Sleep deprivation can have a dreadful impact on a new mom’s mental health.
This is why sleep for new moms is just as important as it is for new babies. Between round the clock feedings and pain from postpartum recovery, sleep for new moms may seem impossible and often, it is. But when you consider the detrimental effects it could have on a woman’s mental health, then sacrificing other things in an effort to improve sleep for new moms is worth it.
This guest post from writer, Sarah Cummings, details some adjustments that can be made to make sure that new moms are getting the sleep they desperately need.
Sleep is a necessity and we have to get enough to function properly. This is something parents will be praying they can achieve when the newborn arrives on the scene!
New parents are more than likely going to lose sleep with the change in sleep patterns and disturbances in the night, etc. However, with the right structure and routines in place, you can ensure that as a new mom you’re enjoying the best sleep you can in both the short-term and in the long-run.
How much sleep is enough?
The National Sleep Foundation states that newborn babies should sleep between 12 and 18 hours each day, whereas the average adult needs to accumulate between seven and nine hours each evening.
This might seem like an unattainable number as a new parent, but this is the recommended daily amount to function normally, so it’s best to get the good measures in place as soon as you can so that you can all enjoy sound slumber!
You can simply start by following these top tips on the best bedtime habits that will help you and baby:
Re-associate yourself with sleep and know its worth
Remember the days when you used to wake up feeling fresh as a daisy? Yeah, well, those days might have changed a little now that you have a little one in the house, but that’s not to say that you can’t get close to it with the right ideas in place.
You know when you’ve had a good sleep because everything you do seem like much less effort and you have the energy to deal with what life throws at you.
It’s important to bear in mind that there’s not a healthy way of replacing sleep; there’s only so many chamomile teas you can have before bed! The benefits of sleep are there for all to see, and one of your first jobs should be to remove the thought process that cutting out anything other than what you need to be healthy is acceptable.
So, while you’re teaching your baby the good habits of restful sleep, you should be endorsing and reiterating this with yourself too. Ensure that you practice what you preach and you will see the upside to being well-rested. It might be easier said than done, but practice makes perfect.
Create a bedtime routine to look forward to
Okay so, bedtime is a really good way for both you and your baby to start to take things down a few notches. After the hectic day you’ve been having, now start thinking about the things you need to do to send the right signals to the brain that sleep is on the horizon.
Humans have a built-in love for routine and the earlier that you can instill this routine with your child, the better, as they will sense that the routine is not there once they have it and the chances are they will make you aware of it!
A good thing to do to help you relax and have baby unwind too is to set aside some time in which you relax together in a tranquil environment. Young children certainly need this type of thing in their lives and you’ll be able to indulge too.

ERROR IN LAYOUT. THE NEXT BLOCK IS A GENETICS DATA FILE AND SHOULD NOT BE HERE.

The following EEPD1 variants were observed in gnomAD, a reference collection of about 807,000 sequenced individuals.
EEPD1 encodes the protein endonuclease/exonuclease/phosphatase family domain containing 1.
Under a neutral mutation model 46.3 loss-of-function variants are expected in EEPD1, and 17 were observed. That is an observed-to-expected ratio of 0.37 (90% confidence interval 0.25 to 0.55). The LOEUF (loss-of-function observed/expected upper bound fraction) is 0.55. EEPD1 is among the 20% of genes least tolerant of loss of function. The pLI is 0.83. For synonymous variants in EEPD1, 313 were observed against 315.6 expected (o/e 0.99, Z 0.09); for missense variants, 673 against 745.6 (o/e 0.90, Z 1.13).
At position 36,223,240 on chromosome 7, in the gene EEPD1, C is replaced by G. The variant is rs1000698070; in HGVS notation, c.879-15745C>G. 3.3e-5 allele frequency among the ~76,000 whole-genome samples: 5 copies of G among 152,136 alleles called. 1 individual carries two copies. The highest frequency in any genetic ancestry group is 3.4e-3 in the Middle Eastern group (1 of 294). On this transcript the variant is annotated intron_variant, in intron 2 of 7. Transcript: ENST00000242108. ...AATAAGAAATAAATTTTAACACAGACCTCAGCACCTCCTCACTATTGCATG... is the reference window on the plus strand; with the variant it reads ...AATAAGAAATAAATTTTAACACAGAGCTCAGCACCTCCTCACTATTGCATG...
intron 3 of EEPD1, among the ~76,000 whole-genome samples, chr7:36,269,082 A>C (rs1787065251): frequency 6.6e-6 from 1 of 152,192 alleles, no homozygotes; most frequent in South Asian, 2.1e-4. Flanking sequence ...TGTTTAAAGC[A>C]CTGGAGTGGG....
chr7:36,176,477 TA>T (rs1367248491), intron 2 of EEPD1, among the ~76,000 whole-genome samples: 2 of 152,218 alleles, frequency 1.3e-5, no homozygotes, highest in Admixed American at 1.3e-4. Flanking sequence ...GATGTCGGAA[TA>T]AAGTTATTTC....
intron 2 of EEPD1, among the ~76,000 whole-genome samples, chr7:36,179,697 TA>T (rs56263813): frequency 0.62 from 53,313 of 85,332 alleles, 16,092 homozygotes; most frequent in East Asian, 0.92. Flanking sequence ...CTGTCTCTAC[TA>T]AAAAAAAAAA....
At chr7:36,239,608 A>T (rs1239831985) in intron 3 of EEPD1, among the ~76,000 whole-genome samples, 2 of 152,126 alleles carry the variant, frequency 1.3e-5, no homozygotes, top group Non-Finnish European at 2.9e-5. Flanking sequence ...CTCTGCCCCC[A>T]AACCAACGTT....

You know when your little one is tired and ready for bed, and this might not have been your bedtime a few years ago, but it might as well be now, so, go with it because you’re going to be waking up earlier than before anyway. Sleep is vital, so get what you can; you never know, your precious one might even give you those hallowed eight hours!
Sleep when your baby sleeps
As we mentioned, if you take the gift your child gives you to sleep, grab it with both hands. Any experienced parent will confirm with you that the key to fending off postpartum sleep deprivation is to get some shut-eye when your baby dozes off.
If your baby takes a nap, put everything else on hold and take a well-earned nap too. there’s nothing that can’t wait, apart from a waking baby that needs attention, of course.
Laundry, phone calls, checking social media, washing up, catch up on episodes of your favorite Netflix series; it can all wait, because sleep has a vital role in keeping you healthy and defends against the risk of sleep deprivation.
Don’t disregard the baby blues
Lack of sleep can bring on changes in your mood, and new moms are often at risk of what’s known as baby blues or the more serious postpartum depression. If you are feeling some of these symptoms, we advise you to seek the advice of your doctor so that you can deal with the problem before it gets any worse.
Hello! My name is Sarah Cummings. I’ve been involved in writing informative and helpful guides for the last five years now. Originally, my passion to help others was the overriding factor to become a writer, but now I feel like I’m learning more everyday too!
My love of exercise has always been a big part of how I lead my life, and I find it helps with lots of things, including sleep. I’m an advocator of promoting sleep and how it can be the difference between living a good, fulfilled life and an unhappy one.
I have had the good fortune to have a long and spiritual background in yoga too, and I feel as though this pairs perfectly with my passion for healthy eating and leading an active lifestyle.
I enjoy learning and coming up with new ways to develop my writing so that I can help others to grow and learn too. When I have a spare morning, you can catch me gazing at sunrises from different places on the planet!